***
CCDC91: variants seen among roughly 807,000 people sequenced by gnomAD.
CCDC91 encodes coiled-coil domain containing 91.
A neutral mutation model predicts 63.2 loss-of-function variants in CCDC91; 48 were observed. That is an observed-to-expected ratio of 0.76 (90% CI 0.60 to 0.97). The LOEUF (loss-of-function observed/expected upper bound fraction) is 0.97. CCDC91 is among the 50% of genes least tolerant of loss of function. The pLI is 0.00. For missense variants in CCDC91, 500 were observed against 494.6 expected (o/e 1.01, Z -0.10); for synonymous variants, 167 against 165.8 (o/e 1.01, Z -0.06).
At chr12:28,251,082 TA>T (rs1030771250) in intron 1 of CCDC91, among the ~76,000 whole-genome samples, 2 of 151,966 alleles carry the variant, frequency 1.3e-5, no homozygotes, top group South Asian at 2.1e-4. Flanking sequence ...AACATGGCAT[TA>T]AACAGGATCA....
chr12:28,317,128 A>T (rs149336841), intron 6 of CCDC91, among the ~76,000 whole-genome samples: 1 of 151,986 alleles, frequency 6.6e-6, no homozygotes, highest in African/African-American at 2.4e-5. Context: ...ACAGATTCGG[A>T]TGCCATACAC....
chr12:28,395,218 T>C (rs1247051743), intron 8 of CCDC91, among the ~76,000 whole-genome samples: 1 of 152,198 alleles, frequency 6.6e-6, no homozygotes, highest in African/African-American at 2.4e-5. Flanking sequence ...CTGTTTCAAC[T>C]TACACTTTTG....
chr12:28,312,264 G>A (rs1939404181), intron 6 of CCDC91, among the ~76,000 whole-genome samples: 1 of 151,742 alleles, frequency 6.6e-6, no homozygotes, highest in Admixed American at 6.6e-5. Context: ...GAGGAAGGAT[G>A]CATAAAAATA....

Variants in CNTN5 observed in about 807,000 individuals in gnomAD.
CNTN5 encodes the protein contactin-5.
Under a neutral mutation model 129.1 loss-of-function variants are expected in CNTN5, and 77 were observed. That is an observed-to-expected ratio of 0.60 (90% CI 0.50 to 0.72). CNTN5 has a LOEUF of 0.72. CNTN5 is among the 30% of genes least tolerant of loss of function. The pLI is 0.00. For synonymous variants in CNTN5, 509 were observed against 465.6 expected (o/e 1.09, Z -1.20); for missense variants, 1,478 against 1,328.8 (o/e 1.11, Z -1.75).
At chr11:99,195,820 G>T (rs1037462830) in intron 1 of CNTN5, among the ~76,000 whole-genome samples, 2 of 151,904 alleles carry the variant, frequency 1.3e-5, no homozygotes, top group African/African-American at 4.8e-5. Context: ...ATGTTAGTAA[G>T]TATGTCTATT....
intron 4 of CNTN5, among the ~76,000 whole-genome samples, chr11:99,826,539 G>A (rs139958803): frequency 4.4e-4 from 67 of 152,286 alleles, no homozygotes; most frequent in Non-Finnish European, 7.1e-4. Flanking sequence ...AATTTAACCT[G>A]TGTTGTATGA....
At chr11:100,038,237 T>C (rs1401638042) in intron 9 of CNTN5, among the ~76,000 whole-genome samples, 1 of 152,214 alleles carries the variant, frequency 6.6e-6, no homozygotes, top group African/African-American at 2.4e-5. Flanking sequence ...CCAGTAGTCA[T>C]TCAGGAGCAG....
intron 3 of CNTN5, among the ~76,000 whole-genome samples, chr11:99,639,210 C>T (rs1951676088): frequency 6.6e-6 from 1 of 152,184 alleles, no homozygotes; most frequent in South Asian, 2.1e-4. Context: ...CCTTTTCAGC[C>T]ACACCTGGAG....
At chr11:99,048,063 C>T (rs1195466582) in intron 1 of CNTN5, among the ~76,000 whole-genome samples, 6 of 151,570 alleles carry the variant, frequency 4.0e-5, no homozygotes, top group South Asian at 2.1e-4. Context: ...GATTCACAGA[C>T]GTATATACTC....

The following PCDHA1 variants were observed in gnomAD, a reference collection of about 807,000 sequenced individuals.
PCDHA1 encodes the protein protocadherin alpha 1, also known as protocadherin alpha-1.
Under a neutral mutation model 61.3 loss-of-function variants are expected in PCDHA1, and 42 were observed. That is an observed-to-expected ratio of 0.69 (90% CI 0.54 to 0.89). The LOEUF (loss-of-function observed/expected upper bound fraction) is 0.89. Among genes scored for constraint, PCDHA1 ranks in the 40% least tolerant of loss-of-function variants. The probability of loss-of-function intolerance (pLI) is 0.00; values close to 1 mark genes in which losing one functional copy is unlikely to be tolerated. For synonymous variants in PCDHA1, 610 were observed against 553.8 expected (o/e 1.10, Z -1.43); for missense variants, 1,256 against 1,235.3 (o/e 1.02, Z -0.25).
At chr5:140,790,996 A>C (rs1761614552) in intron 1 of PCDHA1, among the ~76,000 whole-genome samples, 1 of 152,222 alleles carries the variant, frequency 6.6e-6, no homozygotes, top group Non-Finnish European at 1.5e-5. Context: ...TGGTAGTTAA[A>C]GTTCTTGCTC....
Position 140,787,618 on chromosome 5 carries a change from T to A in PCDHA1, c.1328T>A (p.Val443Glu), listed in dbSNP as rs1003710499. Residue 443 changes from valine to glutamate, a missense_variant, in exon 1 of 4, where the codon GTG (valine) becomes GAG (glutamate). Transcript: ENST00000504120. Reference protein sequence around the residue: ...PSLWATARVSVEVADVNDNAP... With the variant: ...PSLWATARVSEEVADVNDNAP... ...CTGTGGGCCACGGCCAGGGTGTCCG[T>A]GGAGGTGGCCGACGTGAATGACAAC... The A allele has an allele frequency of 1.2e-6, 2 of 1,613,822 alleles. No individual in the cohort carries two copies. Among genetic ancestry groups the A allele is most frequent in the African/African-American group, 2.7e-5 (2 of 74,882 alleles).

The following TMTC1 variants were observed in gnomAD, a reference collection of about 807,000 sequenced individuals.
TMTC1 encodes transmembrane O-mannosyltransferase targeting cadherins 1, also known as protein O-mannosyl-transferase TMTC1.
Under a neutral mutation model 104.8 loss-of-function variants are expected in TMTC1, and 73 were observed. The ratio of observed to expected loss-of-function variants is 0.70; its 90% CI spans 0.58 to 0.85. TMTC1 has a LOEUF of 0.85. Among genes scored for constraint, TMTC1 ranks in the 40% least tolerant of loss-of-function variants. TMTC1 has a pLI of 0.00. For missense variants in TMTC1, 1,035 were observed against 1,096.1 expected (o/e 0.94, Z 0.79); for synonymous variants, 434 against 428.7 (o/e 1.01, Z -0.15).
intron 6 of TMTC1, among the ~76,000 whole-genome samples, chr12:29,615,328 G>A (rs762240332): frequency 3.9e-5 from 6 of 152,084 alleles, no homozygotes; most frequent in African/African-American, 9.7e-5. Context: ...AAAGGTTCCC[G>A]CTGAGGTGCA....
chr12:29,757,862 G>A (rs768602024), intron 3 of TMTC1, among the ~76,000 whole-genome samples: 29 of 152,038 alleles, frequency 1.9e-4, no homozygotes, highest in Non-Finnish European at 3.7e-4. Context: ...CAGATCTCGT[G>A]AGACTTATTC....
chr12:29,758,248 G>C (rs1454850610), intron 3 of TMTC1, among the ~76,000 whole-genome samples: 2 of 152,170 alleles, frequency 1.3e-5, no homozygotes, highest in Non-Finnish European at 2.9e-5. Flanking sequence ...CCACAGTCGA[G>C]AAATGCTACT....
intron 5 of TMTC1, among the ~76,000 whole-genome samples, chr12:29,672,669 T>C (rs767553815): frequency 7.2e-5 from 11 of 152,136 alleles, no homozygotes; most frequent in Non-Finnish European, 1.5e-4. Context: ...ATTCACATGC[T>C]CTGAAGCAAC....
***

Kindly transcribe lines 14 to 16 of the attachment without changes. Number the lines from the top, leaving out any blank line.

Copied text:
intron 3 of CNTN5, among the ~76,000 whole-genome samples, chr11:99,639,210 C>T (rs1951676088): frequency 6.6e-6 from 1 of 152,184 alleles, no homozygotes; most frequent in South Asian, 2.1e-4. Context: ...CCTTTTCAGC[C>T]ACACCTGGAG....
At chr11:99,048,063 C>T (rs1195466582) in intron 1 of CNTN5, among the ~76,000 whole-genome samples, 6 of 151,570 alleles carry the variant, frequency 4.0e-5, no homozygotes, top group South Asian at 2.1e-4. Context: ...GATTCACAGA[C>T]GTATATACTC....

The following PCDHA1 variants were observed in gnomAD, a reference collection of about 807,000 sequenced individuals.